eXp UK analysed the top 100 busiest train stations, looking at the cost of climbing the ladder across the postcodes of the top 20 best and worst stations in terms of overall performance - and namely service punctuality and train cancellation frequency.
The results were clear, as near the top 20 stations it costs 122% more to buy property than near the bottom 20.
The average house price across the top 20 busiest stations in the nation comes in at £478,016, with an average performance score of 94%, and an average of just 2% of trains being cancelled. In contrast, on average 7% of trains are cancelled across the top 20 worst stations, with an average performance score of just 77% and an average house price of £215,415.
Top 20 stations very London heavy
Many of the best-rated train stations are in London, which serves to pull up the average sold price.
Indeed, 15 of the 20 best stations are in the capital, with the priciest being London Fenchurch Street (£1.62 million), and the cheapest being Barking (£329,000).
Amongst these 20 stations, just 1-3% of trains are cancelled.
There are exceptions to London’s dominance, however.
Moorfields in Liverpool is by far the cheapest region with a strong railway service, where property is priced at £108,000, followed by Glasgow Central, at £177,000, and Norwich, at £208,000.
The worst stations - Manchester and beyond
The station with the worst score is Manchester Oxford Road, where 11% of trains are cancelled and many more are delayed.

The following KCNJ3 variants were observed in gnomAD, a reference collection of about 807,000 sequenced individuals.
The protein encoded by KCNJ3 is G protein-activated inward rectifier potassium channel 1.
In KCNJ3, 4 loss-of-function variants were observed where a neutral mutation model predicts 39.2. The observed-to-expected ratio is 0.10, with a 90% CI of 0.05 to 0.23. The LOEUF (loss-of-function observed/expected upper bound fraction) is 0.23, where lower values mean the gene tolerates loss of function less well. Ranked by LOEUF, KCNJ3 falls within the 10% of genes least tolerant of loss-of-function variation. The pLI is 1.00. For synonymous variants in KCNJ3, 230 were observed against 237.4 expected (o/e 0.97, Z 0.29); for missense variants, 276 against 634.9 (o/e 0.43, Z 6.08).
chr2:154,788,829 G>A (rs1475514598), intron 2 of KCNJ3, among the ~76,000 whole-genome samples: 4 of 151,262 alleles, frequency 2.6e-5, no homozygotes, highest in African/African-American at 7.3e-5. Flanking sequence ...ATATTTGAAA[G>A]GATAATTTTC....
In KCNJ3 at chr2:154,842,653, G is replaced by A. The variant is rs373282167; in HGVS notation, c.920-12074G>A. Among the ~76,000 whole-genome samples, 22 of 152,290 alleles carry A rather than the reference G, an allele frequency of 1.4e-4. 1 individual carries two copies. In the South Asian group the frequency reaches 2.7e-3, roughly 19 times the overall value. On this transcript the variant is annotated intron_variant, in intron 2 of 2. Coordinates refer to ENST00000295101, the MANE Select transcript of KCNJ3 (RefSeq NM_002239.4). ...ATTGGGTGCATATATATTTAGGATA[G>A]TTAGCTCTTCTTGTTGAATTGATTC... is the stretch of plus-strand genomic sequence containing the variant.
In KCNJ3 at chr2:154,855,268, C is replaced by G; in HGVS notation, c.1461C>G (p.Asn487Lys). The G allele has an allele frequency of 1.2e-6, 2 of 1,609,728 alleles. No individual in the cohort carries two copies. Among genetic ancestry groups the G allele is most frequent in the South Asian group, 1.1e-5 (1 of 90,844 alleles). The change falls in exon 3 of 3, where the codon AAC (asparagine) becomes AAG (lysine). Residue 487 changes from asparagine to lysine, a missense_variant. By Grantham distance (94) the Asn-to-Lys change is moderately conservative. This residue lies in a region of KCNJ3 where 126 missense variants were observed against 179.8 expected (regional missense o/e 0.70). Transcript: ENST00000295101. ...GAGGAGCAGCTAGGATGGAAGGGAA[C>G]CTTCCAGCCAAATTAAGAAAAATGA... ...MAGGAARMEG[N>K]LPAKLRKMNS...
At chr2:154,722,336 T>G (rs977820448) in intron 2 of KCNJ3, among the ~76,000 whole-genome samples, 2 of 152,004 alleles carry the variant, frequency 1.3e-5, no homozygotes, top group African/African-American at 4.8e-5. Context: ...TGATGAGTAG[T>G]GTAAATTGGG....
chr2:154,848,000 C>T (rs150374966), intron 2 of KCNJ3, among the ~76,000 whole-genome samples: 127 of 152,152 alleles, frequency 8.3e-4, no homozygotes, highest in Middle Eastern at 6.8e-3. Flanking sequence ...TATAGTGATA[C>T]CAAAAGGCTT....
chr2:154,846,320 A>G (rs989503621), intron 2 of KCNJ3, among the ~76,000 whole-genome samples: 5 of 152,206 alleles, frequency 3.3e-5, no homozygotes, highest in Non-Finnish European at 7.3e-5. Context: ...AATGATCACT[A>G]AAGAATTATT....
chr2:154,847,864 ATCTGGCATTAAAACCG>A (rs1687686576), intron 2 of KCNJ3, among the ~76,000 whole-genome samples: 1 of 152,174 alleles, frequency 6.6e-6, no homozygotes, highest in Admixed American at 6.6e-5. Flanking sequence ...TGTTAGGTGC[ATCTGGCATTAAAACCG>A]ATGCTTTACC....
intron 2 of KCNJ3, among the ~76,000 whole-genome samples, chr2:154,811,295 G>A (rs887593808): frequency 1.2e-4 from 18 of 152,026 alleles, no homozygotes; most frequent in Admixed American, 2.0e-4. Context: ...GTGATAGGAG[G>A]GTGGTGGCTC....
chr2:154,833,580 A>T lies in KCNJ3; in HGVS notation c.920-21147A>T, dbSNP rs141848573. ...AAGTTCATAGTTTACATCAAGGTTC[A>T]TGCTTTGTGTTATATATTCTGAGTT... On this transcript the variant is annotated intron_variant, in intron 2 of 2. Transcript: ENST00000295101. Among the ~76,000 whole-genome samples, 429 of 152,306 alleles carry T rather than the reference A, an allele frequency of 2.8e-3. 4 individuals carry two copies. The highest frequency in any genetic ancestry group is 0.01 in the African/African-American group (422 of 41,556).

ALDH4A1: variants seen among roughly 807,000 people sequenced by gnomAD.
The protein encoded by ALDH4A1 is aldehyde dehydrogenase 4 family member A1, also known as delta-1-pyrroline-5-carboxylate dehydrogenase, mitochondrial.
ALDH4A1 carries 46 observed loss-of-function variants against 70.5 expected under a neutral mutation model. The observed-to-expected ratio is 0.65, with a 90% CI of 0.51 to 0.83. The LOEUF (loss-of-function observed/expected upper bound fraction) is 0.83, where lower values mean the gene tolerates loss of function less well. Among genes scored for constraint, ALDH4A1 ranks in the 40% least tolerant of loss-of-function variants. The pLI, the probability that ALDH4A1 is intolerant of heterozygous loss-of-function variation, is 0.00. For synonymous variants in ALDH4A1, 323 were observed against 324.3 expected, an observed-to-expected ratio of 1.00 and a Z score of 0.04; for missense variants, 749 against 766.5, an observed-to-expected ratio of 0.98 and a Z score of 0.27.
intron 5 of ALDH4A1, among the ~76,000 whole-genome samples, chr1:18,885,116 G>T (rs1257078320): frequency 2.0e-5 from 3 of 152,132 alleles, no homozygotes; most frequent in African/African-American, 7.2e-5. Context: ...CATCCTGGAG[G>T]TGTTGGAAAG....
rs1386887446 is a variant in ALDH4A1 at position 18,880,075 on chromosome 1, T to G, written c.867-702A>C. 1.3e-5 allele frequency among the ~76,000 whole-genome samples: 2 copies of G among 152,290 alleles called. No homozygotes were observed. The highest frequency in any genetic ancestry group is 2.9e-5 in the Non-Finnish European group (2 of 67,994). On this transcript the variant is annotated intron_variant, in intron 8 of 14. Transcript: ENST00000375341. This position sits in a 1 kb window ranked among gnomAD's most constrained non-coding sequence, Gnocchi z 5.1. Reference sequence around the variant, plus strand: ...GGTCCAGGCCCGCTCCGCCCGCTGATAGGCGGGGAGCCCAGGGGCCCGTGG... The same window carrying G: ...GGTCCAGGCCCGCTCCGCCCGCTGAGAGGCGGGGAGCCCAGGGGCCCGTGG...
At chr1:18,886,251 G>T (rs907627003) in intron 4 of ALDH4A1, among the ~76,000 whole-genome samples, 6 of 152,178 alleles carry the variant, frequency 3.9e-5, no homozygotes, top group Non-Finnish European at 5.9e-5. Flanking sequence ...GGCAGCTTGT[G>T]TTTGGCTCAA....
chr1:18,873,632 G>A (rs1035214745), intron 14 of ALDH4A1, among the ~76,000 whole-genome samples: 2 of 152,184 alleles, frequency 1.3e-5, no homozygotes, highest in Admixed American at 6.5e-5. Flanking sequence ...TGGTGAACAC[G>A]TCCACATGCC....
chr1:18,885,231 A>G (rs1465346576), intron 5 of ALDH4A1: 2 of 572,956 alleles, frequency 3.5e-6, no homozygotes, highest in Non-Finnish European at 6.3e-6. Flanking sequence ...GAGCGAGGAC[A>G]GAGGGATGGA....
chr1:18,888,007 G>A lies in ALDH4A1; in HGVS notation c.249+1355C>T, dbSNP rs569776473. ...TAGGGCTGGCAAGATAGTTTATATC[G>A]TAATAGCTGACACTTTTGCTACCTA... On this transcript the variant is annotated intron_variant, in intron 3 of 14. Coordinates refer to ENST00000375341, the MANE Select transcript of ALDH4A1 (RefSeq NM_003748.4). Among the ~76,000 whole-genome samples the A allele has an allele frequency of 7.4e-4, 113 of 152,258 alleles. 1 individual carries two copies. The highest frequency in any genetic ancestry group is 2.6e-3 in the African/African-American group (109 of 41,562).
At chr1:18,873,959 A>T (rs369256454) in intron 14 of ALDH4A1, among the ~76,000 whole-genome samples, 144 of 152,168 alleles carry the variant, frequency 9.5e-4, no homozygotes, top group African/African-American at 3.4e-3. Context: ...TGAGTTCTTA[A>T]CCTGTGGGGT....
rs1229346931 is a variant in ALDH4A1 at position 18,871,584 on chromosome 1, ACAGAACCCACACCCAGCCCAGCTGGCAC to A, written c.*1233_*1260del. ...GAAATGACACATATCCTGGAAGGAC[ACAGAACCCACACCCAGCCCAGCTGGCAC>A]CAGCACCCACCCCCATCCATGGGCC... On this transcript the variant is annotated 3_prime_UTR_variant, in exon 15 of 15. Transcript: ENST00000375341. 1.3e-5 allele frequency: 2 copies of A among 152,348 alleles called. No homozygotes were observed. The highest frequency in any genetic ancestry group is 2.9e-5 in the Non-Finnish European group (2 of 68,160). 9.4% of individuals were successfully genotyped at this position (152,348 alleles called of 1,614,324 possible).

Living in that part of Manchester costs £236,000, which is at least affordable compared to many other areas of the country.
Preston has the worst cancellation rate, at 12%, though the city commands an average price of just £131,000.
Living in a wealthy area doesn’t guarantee a strong train service, as Bath Spa commands an average price of £457,000, the least affordable on the list of worst performers, while also having a performance score of 76% - one of the worst in the study.
Head of eXp UK, Adam Day, commented: “It may be tricky to afford to buy property in expensive areas of the UK, but our research suggests that digging deep could provide homebuyers with a more reliable commute.
“That’s especially the case in London, where stations outperform much of the rest of the UK in terms of cancellations and delays.
“Seeing as the capital acts as something of a hub of the UK, where many journeys start and end, maybe it’s not surprising that London sets the standards when it comes to reliability.
“Not that every area fits that trend, as Glasgow, Norwich, as well as Moorfields in Liverpool, all prove that it’s possible to have a reliable commuter service in an area where house prices are relatively affordable.”